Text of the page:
Stress in your life is very real and can quickly spin out of control, affecting not only your work life, but your family life as well. To stay healthy and productive, you need to think of yourself as the owner, not just of your practice, but also of your life. The following suggestions will help you keep your job and your life in perspective so you can perform at your peak:
1. Use the 20:1:2 formula.
The 20:1:2 formula is the ideal way to stay in balance. Basically, it outlines the time you need to devote to key activities that keep your stress levels low. Here’s how it works: Spend 20 minutes each day in reflective time. This could be thinking, prayer, meditation or anything else that helps you reflect on your life and big decisions you must make. Spend one hour each day engaged in vigorous physical activity such as walking, jogging, aerobics or anything else that gets your heart rate up. Finally, spend two hours each day with your family. Have dinner together, talk about your day or do a hobby as a family.
Make sure that any time you devote to the 20:1:2 formula is uninterrupted. That means no cell phone calls, no checking emails and no “shop talk.” This is your time to forget about the daily grind and do those things that truly matter. Get creative about how to incorporate the formula into your day. For example, you could drive your kids to school and spend 15 minutes with them talking about their activities, and then head directly to the gym before going to the office. Or, if you usually arrive home from work at 6 p.m., then keep your family your priority until at least 8 p.m. After the kids are in bed you can opt to check messages or do some additional work from home.
2. Get your spouse’s buy-in.
When you’re making major career and life decisions, you must get your significant other involved early in the process. Just as you need to get buy-in from stakeholders in your business for new ideas and initiatives, you need to do so with your family when it comes to life decisions. In this case, your spouse and children are your stakeholders. So before accepting that demanding client, saying “yes” to that potential partner or deciding to put in more hours at work, be upfront with your family so they understand what you’re getting into and how it will affect them.
Together, come up with family systems that will take the burden off your spouse and kids. For example, hire someone help to assist your spouse with childcare. Or, use the services of a landscaper to free your spouse or older children from the rigors of yard work. Do what you must so that your family doesn’t feel required to take on additional burdens because you decide on a certain career choice. The more buy-in you have from everyone involved, the less stress you and your family will feel.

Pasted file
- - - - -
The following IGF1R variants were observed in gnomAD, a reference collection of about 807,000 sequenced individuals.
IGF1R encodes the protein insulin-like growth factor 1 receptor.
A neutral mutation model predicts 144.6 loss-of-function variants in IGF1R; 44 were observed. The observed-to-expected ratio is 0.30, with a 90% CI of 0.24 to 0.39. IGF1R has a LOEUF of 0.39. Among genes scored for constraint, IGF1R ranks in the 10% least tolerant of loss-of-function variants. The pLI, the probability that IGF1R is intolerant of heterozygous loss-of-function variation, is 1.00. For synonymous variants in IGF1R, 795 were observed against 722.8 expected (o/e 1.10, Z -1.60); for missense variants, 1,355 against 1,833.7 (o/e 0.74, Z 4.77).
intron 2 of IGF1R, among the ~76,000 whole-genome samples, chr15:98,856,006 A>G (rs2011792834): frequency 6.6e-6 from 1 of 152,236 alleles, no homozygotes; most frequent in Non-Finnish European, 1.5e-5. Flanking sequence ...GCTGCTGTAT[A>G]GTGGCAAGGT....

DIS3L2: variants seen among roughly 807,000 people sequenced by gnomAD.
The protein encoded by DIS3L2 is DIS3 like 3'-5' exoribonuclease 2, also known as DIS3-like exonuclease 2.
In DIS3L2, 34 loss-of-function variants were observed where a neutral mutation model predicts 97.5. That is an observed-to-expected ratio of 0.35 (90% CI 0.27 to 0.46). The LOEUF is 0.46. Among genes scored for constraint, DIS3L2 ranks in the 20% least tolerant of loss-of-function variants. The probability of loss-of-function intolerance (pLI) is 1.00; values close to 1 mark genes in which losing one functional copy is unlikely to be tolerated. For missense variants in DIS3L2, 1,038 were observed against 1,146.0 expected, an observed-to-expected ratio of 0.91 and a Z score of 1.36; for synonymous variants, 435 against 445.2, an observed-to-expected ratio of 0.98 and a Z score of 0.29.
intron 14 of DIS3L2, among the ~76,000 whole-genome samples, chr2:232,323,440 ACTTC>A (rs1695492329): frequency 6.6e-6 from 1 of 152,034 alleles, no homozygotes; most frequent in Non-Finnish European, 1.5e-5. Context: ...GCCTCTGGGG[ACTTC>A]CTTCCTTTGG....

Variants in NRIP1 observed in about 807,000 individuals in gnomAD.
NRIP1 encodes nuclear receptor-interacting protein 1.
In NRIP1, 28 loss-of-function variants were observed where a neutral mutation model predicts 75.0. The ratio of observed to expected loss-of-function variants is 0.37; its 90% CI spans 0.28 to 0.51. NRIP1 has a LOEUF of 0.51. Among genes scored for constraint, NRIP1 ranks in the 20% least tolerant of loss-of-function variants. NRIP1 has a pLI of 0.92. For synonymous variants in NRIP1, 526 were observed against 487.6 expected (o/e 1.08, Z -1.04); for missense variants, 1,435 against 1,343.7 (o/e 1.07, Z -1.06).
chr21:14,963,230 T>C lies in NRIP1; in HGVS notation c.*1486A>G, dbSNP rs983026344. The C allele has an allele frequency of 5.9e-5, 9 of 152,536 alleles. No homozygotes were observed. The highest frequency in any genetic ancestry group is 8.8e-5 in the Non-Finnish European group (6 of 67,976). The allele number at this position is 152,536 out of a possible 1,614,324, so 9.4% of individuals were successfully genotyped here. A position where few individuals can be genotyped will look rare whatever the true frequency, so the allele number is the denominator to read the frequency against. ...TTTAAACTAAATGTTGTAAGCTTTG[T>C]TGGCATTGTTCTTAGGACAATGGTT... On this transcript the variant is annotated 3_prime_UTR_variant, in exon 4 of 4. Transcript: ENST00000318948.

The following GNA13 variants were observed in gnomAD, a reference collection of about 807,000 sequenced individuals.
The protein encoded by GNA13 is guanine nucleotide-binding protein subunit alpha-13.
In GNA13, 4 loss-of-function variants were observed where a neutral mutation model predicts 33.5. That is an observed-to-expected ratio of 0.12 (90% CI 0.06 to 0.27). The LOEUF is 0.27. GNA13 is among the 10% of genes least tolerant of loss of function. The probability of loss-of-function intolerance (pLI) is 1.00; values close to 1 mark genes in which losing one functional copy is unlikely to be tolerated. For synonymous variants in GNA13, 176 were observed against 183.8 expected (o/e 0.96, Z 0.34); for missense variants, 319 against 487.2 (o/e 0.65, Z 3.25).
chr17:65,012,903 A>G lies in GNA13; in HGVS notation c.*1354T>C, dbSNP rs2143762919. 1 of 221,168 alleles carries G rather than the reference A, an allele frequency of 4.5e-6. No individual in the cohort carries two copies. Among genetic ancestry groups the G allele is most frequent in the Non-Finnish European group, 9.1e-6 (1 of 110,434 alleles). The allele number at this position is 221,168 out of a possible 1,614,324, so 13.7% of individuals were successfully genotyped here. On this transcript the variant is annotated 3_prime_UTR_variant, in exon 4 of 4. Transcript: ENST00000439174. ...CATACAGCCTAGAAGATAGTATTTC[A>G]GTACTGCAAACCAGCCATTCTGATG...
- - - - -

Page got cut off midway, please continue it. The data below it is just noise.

3. Become a master at delegation.
Know what your true role is at work and what duties you must perform to advance the organization. The responsibilities you outline are the essentials that you must do. For everything else you do that’s not on your list, consider delegating to others. Remember, all the nonessential tasks you perform are hurting your productivity. If your main duty is to bring in business, that means you must constantly prospect for new clients and follow up with existing inquiries. Those are your essential duties. If you spend time doing things like filing paperwork, assembling packets or mailing information, you’re missing sales. If you want to be more productive and experience less stress, delegate nonvital tasks and focus on those things that directly impact your bottom line.
4. Value your No. 1 asset.
All businesses have a No. 1 asset—the one thing that makes them the most money. For you, your most valuable asset is your health. After all, if you don’t have your health, you can’t work and support your family, nor can you do all the great things you had planned to do with your life. Therefore, make a concerted effort to reduce your stress and live a healthy lifestyle. Eat right, exercise and get the rest and relaxation you need.
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Phil Watkins, author of Own Your Business, Own Your Life! 21 Strategies for Becoming a Wealthy Entrepreneur, is an entrepreneur—with three businesses of his own—as well as a speaker and consultant who helps companies in the fields of management, teamwork, balanced lifestyles, and growth and development. For more information, contact him at 888-663-6254 or at firstname.lastname@example.org.